The US was involved in Vietnam, via the French, from at least 1949
forward. (best short book on Vietnam is Marilyn Young, the Vietnam Wars).
Some, indeed many, Laotians were involved in that war on the side of
the US-CIA , particularly Laotian drug dealers who persist today,
among the most brutal drug dealers in the world. (See McCoy, the
Politics of Heroin). There are, perhaps, hundreds of thousands of
these Laotian fascists in the US today, still plying the trade, led
by Vang Pao. Most people in the Laotian community know a lot about him.
It was US imperialism (need for raw materials like rubber, rice, etc)
and the anti-communist policies of containing the social fascist USSR
and the recently (1949) won peasant nationalism in China that
propelled the US. From around 1950 forward, the US poured billions of
dollars and technicians, spies, advisors, into Vietnam seeking to
defeat Ho Chi Minh and General Giap, legitimate leaders of the
Vietnamese. As both Chalmers Johnson and I argued in the 60s, Ho and
Giap were not reds, but peasant nationalists, which I think is and
was too bad.
The French were driven out of Vietnam in the mid fifties, by the
masses of people, at the battle of Dienbienphu (worth knowing about ,
see Bernard Fall).
The US proceeded to take charge of the war thenceforth and sought to
deny support to what was, at first, a guerrilla army, by drying up
the sea they swam in, killing the people and eradicating the food
supply (as with Agent Orange , a defoliant, which truly stupid US
troops sprayed on Vietnam from helicopters, then came home wondering
why they themselves got sick).
Bombing, done by war criminals and desk murderers like McCain and
Lyndon Johnson, was indiscriminate. Some have argued that more bombs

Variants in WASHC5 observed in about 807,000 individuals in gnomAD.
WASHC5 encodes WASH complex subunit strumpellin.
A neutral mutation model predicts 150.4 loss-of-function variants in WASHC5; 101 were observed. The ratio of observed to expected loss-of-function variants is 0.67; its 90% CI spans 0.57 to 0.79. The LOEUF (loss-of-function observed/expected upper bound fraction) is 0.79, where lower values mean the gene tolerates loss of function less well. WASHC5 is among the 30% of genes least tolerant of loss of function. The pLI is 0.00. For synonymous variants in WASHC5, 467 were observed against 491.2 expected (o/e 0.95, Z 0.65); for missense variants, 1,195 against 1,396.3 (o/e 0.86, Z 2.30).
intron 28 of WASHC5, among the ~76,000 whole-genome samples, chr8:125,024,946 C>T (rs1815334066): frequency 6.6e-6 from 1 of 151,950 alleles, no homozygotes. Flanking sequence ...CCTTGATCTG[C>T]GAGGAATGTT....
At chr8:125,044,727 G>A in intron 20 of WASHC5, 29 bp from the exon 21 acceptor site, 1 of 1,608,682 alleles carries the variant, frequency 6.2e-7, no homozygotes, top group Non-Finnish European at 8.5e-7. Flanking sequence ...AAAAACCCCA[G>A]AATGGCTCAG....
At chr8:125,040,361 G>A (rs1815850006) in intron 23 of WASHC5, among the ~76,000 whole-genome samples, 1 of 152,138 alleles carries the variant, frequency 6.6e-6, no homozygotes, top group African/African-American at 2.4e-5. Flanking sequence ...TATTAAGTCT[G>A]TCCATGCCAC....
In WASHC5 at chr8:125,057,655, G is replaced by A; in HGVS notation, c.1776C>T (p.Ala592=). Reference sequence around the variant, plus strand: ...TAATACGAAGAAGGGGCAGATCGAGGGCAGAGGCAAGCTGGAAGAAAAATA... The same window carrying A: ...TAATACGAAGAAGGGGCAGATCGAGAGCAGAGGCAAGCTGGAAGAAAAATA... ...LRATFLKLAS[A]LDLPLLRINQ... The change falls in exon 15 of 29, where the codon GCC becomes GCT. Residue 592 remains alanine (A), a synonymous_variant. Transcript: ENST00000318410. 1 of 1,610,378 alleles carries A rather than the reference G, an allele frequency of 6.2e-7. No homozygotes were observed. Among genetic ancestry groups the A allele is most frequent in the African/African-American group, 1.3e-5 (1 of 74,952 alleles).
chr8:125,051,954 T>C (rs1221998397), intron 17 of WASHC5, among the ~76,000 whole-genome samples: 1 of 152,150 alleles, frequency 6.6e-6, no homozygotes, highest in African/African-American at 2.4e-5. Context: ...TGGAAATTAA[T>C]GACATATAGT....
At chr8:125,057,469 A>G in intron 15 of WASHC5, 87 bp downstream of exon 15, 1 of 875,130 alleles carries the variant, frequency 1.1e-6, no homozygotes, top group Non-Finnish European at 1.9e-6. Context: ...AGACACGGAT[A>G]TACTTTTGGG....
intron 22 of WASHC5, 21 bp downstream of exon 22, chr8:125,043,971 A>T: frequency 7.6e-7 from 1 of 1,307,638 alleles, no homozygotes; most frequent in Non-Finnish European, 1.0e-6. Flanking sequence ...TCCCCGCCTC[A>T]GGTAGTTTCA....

were dropped on Vietnam than were dropped by both sides in WW2. Many
of those bombs were antipersonnel cluster bombs. And, some people
remember Dow's napalm. Nobody knows for sure how many Vietnamese
died. I guess around 4 million. Since the usual battle field
multiplier, 3-1 wounded to dead, would not apply to a war that sought
to massacre civilians, it is likely 8 to 10 times that many people
were wounded. And more after the US route when the cluster bombs
continued to explode.
The peasant nationalists ran off the US war criminals ( I consider
anyone who went to Vietnam after 1967 a war criminal, nobody HAD to
go) in one of the most ignominious routes in military history. The US
troops and spies ran away, leaving behind not only their allies, but
lists of their allies names, addresses, phone number---which the US
cowards failed to burn. April 29-30, 1975 is a fond memory to me.
The key to grasping the war in Vietnam is recognizing that the masses
of people rose up and defeated the US militarily, politically, and
morally. And the US fled. The war nearly destroyed the US economy and
millions of people around the world suffered for it. As with WW2,
Vietnam demonstrates that technology, and money, and greed, and
hubris, can be defeated. It is a shame that a steeper price was not
paid by the Japanese and German fascists after WW2, though.
The suffering of the war cannot be offset by lessons from it, but
here are some:
*Morale, the high moral ground, combined with political and
military leadership rooted in a grasp of class struggle, is key in
warfare and it can beat back a more well equipped enemy---as we see today.
*Fighting for less than equality and democracy means,
eventually, that even politico-military victories can become defeats.
*The "Vietnam Syndrome" still frightens the US ruling class.
The US military disintegrated. It was drug infested. Troops blew up
and killed their officers (fragging) which is why we see elites doing
all they can to avoid a draft today. The Vietnam syndrome spilled
into campuses and high schools where rebellion ruled the day...and
opened the door for some interesting ideas under attack today. The
blitzkreig tactics the US used in, for example, Gulf War One, were
designed to not repeat Vietnam. And the generals now leading the US
forces, or misleading them to be more precise, still point back to
Vietnam as something to overcome. Their problem? They cannot be
friends of the people since the people know the US is there to rob
and murder them.
* A relatively small group with good methods of analysis and